What would I like to be doing five years from now? I’m always mindful of that passage in James that cautions us about being too sure of our future plans. So while I’m not entirely sure what the future holds, I hope that I will still be seeking justice and helping to inspire others to do so, in whatever capacity God calls me to do that.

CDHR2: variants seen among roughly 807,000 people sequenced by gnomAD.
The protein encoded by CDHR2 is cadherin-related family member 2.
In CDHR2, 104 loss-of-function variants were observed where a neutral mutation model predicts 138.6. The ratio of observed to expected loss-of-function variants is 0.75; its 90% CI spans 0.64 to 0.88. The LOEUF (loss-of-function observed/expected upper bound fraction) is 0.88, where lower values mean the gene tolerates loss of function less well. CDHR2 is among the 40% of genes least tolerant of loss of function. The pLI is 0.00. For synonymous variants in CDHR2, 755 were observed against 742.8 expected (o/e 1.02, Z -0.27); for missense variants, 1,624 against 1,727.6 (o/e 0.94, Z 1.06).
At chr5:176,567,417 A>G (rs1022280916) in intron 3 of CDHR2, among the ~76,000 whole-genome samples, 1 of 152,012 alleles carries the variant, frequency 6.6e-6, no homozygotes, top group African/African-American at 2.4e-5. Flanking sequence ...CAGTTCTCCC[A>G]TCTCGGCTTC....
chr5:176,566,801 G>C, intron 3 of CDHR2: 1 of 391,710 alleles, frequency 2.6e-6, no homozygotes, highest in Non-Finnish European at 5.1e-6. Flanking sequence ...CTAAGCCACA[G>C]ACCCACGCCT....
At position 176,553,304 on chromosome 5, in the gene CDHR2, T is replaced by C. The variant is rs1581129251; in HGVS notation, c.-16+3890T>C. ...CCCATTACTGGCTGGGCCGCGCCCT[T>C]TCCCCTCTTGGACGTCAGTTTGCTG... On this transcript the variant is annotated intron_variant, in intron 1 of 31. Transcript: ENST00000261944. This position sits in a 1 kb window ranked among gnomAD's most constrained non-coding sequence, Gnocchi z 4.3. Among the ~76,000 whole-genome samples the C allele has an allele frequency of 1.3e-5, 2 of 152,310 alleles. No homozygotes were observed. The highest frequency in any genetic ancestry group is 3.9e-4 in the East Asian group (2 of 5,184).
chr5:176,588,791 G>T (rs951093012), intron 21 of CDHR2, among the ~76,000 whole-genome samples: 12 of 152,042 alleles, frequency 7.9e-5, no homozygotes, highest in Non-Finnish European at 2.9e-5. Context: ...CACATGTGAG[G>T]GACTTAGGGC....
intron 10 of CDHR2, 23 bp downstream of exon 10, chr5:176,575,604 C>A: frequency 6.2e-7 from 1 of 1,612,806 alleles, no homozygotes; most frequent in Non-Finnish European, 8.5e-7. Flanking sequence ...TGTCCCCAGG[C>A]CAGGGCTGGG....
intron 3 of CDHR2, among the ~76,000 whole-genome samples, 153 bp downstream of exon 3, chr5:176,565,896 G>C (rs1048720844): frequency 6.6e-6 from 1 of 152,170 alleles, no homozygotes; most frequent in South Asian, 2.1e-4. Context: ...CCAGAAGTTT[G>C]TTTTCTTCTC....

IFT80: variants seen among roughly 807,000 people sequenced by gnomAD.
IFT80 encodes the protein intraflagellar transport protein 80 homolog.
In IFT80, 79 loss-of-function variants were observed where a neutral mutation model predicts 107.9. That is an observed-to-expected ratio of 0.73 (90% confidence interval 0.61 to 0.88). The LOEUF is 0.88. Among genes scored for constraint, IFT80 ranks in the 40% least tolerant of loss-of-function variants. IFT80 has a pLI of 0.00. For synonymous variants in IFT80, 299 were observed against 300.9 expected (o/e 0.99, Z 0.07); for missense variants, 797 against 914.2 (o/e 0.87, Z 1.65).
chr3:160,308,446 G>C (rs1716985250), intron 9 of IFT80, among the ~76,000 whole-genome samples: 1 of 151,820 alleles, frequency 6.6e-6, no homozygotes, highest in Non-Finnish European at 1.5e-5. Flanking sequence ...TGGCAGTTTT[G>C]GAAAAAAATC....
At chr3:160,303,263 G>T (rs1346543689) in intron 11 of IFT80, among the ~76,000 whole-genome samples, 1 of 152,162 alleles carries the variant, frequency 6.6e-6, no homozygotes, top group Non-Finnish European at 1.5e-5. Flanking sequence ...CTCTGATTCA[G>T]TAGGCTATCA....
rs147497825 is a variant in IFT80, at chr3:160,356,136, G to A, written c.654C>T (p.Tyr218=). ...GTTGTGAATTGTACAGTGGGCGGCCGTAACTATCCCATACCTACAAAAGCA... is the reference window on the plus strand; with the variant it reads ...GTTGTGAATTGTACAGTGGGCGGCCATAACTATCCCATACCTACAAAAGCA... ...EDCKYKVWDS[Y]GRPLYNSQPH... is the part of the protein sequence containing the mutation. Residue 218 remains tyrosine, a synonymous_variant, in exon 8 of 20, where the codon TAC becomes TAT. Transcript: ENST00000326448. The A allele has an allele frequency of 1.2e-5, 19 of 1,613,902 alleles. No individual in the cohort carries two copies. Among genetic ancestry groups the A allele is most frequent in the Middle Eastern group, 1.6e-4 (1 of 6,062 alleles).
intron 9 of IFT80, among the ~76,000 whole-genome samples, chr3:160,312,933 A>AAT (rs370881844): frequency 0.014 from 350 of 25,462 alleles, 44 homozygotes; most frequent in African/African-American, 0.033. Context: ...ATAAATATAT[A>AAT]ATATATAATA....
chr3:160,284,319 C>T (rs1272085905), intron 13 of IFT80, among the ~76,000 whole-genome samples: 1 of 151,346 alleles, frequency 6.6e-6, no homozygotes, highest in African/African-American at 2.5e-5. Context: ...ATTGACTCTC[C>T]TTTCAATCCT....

I remember being on a retreat while in the middle of my law degree and deciding to read through the book of Isaiah. In the very first chapter, verses 16 and 17 jumped out at me: “Cease to do evil, learn to do good; seek justice, rescue the oppressed, defend the orphan, plead for the widow.” That opened my eyes to the call to justice that runs like a golden thread not only through Isaiah but the whole Bible.  And I also like to reflect on Colossians 1:15-20 and remember that God, through Christ, is at work to reconcile all things in heaven and on earth. There is hope beyond what we can see now, and God has called us to be part of the reconciling work of the Kingdom. There’s nothing more exciting than that.